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.. HUM
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As Much As Possible
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pending
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As Much As Possible

Tesselation

Say you had a table top that you wanted to cover with bits of paper.
In this context the constraint as much as possible (AMAP) means 'cover as much table as you can with the least paper'

If you start out with the output of a good paper shredder as a paper source, the irregularity of the paper makes covering the whole space almost impossible. There are always gaps between the bits. To fill the gaps you need tinier bits, which make even smaller gaps. Before long you are getting REALLY tired of placing bits of paper.

But say you started with a bunch of identical paper triangles. Then you can fill the space completely with no gaps and no overlaps. That is the area of the paper in the tiles is equal to the area of the tabletop. I started thinking about 'as many as possible' years ago when I worked with tilings after reading Grunbaum and Shephard's amazing Tilings and Patterns. That book is basically an index of all possible 2d tilings and the patterns they make. We set up a situation with two constraints; identical bits, and as much coverage as possible And we find that there are surprisingly few shapes that can satisfy the constraints.

For instance, among regular geometric figures, only those with two, three, or four sides can form tiles.

MC Escher famously explored how to make very quirky tiles.

One of the things that are apparent about tilings is that you see a pattern when the state of "as much as possible" (AMAP) is realized.

Roger Penrose invented a couple of particularly interesting tiles derived from pentagons. These can tile a plane in two distinct sort of ways. One way is quite regular once you see how one part looks you can predict how other parts of the same tiling will look.

The other sort of tiling is aperiodic you can't predict exactly the positioning of tiles in the tiling until you actually build the tiling to that location. This is challenging enough to make an amusing passtime. So with Penrose Tiles we have two different ways of getting as many tiles as possible on the plane.

The interesting thing is that they are incompatible. The edges of the two tilings won't line up perfectly producing a crack.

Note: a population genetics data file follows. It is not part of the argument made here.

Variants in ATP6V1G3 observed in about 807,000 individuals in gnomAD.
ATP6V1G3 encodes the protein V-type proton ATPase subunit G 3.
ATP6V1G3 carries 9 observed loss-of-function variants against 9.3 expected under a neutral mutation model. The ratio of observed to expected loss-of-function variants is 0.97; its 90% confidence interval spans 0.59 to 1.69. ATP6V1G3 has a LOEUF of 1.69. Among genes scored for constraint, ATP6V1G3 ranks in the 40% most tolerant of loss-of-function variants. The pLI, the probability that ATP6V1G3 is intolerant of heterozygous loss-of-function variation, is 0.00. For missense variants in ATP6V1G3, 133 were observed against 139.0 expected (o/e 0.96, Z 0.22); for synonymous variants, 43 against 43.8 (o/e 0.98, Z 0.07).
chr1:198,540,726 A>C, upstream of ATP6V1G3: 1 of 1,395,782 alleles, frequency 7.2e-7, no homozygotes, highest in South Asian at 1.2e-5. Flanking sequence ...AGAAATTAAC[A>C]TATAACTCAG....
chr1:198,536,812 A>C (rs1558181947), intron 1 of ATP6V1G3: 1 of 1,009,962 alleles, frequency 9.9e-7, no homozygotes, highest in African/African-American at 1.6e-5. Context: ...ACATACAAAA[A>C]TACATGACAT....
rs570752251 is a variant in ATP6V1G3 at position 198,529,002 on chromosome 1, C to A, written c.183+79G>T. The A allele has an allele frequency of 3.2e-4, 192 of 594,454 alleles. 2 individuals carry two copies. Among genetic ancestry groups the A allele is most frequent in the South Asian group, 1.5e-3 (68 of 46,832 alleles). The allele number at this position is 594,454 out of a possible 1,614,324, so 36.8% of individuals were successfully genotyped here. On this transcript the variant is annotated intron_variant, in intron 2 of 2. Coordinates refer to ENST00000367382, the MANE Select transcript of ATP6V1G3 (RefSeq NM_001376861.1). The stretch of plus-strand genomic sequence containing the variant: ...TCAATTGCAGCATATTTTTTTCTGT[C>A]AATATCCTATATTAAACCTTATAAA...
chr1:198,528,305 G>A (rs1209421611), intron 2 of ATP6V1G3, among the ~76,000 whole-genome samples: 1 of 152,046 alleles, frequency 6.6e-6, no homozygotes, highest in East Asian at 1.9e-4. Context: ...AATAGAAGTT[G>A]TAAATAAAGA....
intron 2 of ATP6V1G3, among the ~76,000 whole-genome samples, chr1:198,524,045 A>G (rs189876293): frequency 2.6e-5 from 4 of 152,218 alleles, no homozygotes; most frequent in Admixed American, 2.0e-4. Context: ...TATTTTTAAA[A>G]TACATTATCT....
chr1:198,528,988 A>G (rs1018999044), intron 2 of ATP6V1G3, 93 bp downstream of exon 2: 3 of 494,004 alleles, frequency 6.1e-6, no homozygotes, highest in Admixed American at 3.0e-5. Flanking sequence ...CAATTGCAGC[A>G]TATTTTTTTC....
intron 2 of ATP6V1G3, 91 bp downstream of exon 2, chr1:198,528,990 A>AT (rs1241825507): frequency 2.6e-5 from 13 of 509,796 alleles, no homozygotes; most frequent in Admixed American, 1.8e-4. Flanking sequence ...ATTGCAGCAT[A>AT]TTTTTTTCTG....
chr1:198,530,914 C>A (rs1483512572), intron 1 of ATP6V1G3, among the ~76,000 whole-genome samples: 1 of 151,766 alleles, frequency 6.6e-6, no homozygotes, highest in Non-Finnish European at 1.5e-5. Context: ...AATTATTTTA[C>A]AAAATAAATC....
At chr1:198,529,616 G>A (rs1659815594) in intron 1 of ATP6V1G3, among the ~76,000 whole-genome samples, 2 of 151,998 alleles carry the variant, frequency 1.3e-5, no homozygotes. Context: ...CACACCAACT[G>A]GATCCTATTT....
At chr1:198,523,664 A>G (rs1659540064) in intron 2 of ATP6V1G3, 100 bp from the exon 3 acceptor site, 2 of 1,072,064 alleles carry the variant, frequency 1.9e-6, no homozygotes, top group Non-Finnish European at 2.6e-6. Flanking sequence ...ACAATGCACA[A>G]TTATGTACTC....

(This picture shows the two sorts of penrose tilings and the crack.)

When I was first studying tilings I was a lithographer making original prints. You'd draw on an aluminum plate and make as many prints as you want, and then use a 'graining machine' to scour the image off the plate so it could be reused. This machine was essentially a big tray full of ball bearings that was shaken in a circular motion by a motor.

I used to love using that machine. I'd tilt the tray up so that all the bearings rolled to one end and put in the plate and let the bearings roll back over. They'd all be scattered at random at first, but soon a hexagonal pattern would emerge because that's the most efficient packing for circles on a plane.

The system would start off in a a chaotic state, but each shake pack more and more bearings onto the bottom layer until it was in a highly ordered state. A state that gets as many as possible bearings into the bottom layer.

The size of the bearings didn't go evenly into the size of the tray, so it was impossible for bearings to cover the whole surface. The resulting gaps would self organize into long cracks through large regions of bearings dancing a hexagonal pattern. And these cracks were shifting dynamically over time as space was found for more and more bearings below.

One perspective we can take on biology is that it's a system that includes as much of the material of the earth within itself as possible. It's regularly shaken, like the graining machine, and each shake gives the system the chance to change in a way that lets it incorporate even more material.

I've observed the same with fruit flies. They like to settle as closely together as they can under certain conditions. Given the constraints of the fly shape and AMAP they organize themselves into a characteristic pattern.

And of course honeycombs provide another example AMAP larvae in an area. We have seen how systems where the AMAP constraint works often self-organize into structures that show patterns. Are these patterns 'real' or are they just apparent to people? How would we decide?

Perhaps one way of thinking about this to see that the physical situation is very similar whether the pattern is there or not.The 'tiles' are still all physically present if the pattern is messed up. So if we could find some sort of physical effect that depends on the presence of some sort of pattern would that tempt us into saying that patterns are real and not just apparent.

What do you think?

Star I present regular philosophy discussions in a virtual reality called Second Life. I set a topic and people come as avatars and sit around a virtual table to discuss it. Each week I write a short essay to set the topic. I show a selection of them here.

I've been thinking and reading about philosophy for a long time but I'm mostly self taught. That is I've had the good fortune to read what interests me rather than follow a course of study. That has it's limits of course but advantages. It doesn't cost as much and is fun too.

My interests are things like evolution and cognition and social issues and economics and science in general.